StoryImage( ‘/Images/Story//Auto-img-111099149612968.jpg’, ”, ‘Larry Morrissey’);
Larry Morrissey, independent mayoral candidate, outlined specific actions and priorities for job creation, economic development, tourism and technology March 10.
Job creation/economic development
Morrisseys strategy for creating jobs builds upon Rockfords local strengths.
We will focus first on tackling the local issues, Morrissey said. Most of the dollars brought into local communities come from local property taxes and sales taxes. While funds from the state and federal government are important… they are oftentimes inconsistent and sporadic, especially right now when the states finances are in big trouble. Unfortunately, the current administrations hypnotic focus on Springfield and Washington has left it inattentive on the most pressing local leadership issues.
Morrissey would meet the needs of local existing businesses by supporting and investing in the many local capitalists and small businesses here. Morrissey said key areas to support include the following:
Establish clear responsibilities and accountabilities for job creation. Eliminate confusion as to the responsibilities and relationship between Rockford Area Economic Development Council and the City of Rockford.
Tax incentives for existing businesses;
Local investment networks such as the now-forming Stateline Angels;
Local research activities such as the EIGERlab;
Infrastructure improvements (e.g., roads, rail, passenger rail service to airport, fiber optic network development);
Creating and promoting development opportunities with incentives for small, locally-owned businesses;
Developing local minority certification process.
While technology and automation have brought efficiencies that have ended many low-skilled jobs, many higher skill jobs have been created. Ironically, many technologies created by large business have also enabled smaller businesses to compete. Broadband Internet access has enabled small businesses to compete with much larger businesses by making logistics and just-in-time ordering and fulfillment available to smaller companies.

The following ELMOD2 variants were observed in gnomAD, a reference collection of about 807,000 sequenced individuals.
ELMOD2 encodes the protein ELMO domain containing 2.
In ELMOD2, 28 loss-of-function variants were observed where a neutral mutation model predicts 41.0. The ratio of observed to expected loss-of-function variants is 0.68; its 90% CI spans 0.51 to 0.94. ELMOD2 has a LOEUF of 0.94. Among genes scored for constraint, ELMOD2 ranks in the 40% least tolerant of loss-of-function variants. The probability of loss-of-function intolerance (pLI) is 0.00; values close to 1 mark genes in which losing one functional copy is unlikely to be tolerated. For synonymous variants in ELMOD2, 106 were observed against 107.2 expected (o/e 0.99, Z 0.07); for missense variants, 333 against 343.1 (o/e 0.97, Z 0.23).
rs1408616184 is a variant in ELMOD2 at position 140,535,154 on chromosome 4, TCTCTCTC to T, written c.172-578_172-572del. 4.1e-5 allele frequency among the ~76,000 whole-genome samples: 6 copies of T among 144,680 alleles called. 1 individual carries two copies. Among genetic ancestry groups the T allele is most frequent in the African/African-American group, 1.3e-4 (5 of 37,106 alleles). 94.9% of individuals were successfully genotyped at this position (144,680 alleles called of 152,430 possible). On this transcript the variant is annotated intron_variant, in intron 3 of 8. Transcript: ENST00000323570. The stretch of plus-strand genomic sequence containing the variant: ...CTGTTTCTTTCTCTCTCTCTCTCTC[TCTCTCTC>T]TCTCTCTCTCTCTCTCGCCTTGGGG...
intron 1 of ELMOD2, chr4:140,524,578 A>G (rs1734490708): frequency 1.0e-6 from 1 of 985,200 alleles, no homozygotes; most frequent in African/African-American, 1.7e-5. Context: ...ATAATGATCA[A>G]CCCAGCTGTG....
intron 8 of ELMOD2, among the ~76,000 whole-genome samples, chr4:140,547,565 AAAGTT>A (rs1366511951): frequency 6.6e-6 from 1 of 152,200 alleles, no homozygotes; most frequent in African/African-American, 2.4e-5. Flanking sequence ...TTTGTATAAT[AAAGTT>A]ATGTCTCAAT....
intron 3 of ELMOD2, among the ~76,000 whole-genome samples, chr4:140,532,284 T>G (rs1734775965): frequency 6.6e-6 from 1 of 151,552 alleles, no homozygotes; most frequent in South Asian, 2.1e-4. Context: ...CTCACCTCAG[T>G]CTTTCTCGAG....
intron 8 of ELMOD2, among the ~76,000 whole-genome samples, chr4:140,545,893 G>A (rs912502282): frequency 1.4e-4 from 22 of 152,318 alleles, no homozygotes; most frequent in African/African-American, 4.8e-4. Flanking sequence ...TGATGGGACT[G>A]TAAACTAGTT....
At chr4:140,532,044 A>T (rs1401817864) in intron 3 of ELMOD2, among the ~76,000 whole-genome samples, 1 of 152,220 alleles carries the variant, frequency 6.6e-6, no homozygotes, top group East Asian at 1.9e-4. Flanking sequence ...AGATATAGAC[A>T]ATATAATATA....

The problem with the current administrations efforts in developing a broadband fiber optic ring is in both the concept and execution, said Morrissey. The administrations primary focus has been to network large institutions. While it is critical to have both the medical community and large industry involved in a fiber-optic solution, the administrations concept has largely ignored small business. The pricing and planning for the administrations fiber optic concept removes it from the grasp of most small businesses.
The current administrations first efforts to build this network have failed. The administration supported and executed a no-bid contract with vendors, which has been critized by experts as both costly and one-sided. The network has not been fully built and will not get done successfully with such problems in its execution.
When the administration is perceived as playing favorites and having an unfair playing field for developers and businesses, we discourage many other developers and businesses from doing business in Rockford. That is extremely damaging to this community, Morrissey said.
Tourism must be expanded in intelligent ways to create assets and enjoyment that enhance the quality of life for Rockford residents as well as people from out of town. Key components of Morriseys tourism strategy are:
Hiring a director of Tourism, Culture and Special Events to provide direction, planning and accountability for our tourism economic development efforts.
Discontinuing discussions about a $100 million convention center; and
Constructing a connected riverfront pathway that will connect assets on both sides of the river, such as museums, the Coronado Theatre, MetroCentre, library, etc. The path would also promote development of undeveloped properties owned by the city.
For more information on the Morrissey campaign, including volunteer opportunities, call (815) 968-MORC (6672).